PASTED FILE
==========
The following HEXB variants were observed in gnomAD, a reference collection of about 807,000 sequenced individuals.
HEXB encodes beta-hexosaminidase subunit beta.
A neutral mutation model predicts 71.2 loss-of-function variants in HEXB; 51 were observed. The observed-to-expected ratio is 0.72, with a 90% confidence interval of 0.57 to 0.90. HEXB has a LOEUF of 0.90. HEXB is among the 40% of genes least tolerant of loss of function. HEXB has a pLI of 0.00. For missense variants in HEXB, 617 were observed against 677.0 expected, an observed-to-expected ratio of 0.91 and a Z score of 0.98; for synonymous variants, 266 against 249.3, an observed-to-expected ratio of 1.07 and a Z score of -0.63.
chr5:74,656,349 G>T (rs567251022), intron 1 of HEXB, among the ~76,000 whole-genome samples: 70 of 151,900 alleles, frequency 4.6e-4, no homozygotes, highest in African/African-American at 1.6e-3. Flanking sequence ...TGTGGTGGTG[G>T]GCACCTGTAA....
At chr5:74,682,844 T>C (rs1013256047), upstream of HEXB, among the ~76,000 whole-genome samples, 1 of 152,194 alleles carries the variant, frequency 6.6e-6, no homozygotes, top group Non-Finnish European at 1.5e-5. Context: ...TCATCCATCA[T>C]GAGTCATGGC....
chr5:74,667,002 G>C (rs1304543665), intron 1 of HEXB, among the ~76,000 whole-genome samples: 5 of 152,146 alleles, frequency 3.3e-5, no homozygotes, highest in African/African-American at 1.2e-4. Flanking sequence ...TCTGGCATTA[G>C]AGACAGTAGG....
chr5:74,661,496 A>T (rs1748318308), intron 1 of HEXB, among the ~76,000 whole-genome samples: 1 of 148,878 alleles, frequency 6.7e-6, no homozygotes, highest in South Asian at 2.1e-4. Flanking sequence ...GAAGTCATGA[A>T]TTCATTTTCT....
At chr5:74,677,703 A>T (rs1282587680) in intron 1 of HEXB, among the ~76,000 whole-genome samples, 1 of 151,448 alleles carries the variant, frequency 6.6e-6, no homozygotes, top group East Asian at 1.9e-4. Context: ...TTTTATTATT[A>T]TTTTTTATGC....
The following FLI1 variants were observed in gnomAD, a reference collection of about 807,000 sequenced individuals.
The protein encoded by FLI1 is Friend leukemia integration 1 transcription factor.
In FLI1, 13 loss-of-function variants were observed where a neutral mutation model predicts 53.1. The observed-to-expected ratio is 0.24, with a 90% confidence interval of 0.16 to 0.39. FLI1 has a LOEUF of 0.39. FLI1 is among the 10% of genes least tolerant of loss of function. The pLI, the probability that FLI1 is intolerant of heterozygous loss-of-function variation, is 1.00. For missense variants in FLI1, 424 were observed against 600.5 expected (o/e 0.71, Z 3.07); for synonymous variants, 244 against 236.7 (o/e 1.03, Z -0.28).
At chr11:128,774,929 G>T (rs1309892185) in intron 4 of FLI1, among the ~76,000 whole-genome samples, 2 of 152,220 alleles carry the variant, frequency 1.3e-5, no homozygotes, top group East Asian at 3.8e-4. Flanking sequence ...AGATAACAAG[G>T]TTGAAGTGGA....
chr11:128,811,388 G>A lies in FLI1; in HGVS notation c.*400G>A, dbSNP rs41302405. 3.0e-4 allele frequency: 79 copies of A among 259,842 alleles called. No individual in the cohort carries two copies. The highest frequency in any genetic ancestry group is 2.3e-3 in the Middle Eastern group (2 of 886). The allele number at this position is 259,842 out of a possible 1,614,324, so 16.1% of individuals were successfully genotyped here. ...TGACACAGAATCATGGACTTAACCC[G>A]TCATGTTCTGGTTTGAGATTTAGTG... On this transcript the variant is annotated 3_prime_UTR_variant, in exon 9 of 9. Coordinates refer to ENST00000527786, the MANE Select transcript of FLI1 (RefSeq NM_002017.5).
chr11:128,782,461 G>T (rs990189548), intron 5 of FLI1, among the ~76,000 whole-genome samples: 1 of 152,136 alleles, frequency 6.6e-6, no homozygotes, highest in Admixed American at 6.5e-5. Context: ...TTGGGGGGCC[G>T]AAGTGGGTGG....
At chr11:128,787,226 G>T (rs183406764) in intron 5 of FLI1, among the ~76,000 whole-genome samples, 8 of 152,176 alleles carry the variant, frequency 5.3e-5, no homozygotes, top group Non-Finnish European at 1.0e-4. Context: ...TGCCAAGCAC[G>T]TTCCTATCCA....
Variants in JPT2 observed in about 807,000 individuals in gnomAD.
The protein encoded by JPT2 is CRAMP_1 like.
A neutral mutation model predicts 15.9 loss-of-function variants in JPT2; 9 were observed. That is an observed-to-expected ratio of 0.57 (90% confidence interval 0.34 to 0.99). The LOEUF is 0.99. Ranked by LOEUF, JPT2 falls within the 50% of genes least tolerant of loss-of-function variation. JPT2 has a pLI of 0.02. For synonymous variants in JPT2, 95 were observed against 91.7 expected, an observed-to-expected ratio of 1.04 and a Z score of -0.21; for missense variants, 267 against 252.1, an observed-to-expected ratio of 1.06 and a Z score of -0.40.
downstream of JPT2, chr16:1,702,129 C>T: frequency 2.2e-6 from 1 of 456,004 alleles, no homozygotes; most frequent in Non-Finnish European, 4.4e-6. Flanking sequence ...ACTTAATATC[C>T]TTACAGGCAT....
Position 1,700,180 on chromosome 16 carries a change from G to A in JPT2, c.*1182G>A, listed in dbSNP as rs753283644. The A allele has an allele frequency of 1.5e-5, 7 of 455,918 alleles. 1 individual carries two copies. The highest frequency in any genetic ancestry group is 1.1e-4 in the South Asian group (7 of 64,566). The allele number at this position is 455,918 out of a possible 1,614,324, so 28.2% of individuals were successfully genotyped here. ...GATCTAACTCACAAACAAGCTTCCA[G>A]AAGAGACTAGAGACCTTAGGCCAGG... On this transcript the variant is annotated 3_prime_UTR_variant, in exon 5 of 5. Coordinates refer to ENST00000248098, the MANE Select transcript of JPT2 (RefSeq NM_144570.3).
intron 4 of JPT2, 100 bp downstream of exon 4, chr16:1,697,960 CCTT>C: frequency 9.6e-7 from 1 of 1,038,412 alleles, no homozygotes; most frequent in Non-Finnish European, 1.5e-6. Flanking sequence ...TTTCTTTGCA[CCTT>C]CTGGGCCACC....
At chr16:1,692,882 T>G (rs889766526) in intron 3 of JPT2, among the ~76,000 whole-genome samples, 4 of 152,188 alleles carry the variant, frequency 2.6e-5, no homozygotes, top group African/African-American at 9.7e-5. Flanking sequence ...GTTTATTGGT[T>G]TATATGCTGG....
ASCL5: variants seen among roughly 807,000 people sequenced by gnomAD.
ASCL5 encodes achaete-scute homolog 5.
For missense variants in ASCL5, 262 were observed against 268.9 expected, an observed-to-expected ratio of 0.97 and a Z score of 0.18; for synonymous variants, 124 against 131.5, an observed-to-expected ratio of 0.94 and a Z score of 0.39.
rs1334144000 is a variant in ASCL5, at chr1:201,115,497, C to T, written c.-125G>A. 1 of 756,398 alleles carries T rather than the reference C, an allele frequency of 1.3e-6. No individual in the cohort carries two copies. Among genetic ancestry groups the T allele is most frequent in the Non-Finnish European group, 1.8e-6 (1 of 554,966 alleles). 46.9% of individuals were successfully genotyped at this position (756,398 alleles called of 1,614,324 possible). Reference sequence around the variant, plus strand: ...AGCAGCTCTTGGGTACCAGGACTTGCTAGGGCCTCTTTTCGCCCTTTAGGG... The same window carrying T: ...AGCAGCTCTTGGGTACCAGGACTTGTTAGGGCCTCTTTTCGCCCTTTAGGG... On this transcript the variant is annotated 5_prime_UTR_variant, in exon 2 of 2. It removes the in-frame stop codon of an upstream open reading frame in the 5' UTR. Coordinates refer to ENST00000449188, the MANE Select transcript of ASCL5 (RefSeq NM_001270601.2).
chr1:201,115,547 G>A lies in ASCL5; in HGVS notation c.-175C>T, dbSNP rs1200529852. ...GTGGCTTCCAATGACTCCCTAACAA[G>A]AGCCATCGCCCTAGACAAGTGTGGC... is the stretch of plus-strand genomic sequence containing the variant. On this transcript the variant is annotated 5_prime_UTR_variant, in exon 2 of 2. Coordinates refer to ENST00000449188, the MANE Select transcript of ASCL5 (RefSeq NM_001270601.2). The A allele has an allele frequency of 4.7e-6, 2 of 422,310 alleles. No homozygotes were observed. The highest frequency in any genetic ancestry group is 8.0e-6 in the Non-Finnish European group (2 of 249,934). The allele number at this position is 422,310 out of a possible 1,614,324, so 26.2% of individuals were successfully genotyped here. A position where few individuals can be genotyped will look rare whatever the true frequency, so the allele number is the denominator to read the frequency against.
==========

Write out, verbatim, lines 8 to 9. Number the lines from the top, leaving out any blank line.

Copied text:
At chr5:74,677,703 A>T (rs1282587680) in intron 1 of HEXB, among the ~76,000 whole-genome samples, 1 of 151,448 alleles carries the variant, frequency 6.6e-6, no homozygotes, top group East Asian at 1.9e-4. Context: ...TTTTATTATT[A>T]TTTTTTATGC....
The following FLI1 variants were observed in gnomAD, a reference collection of about 807,000 sequenced individuals.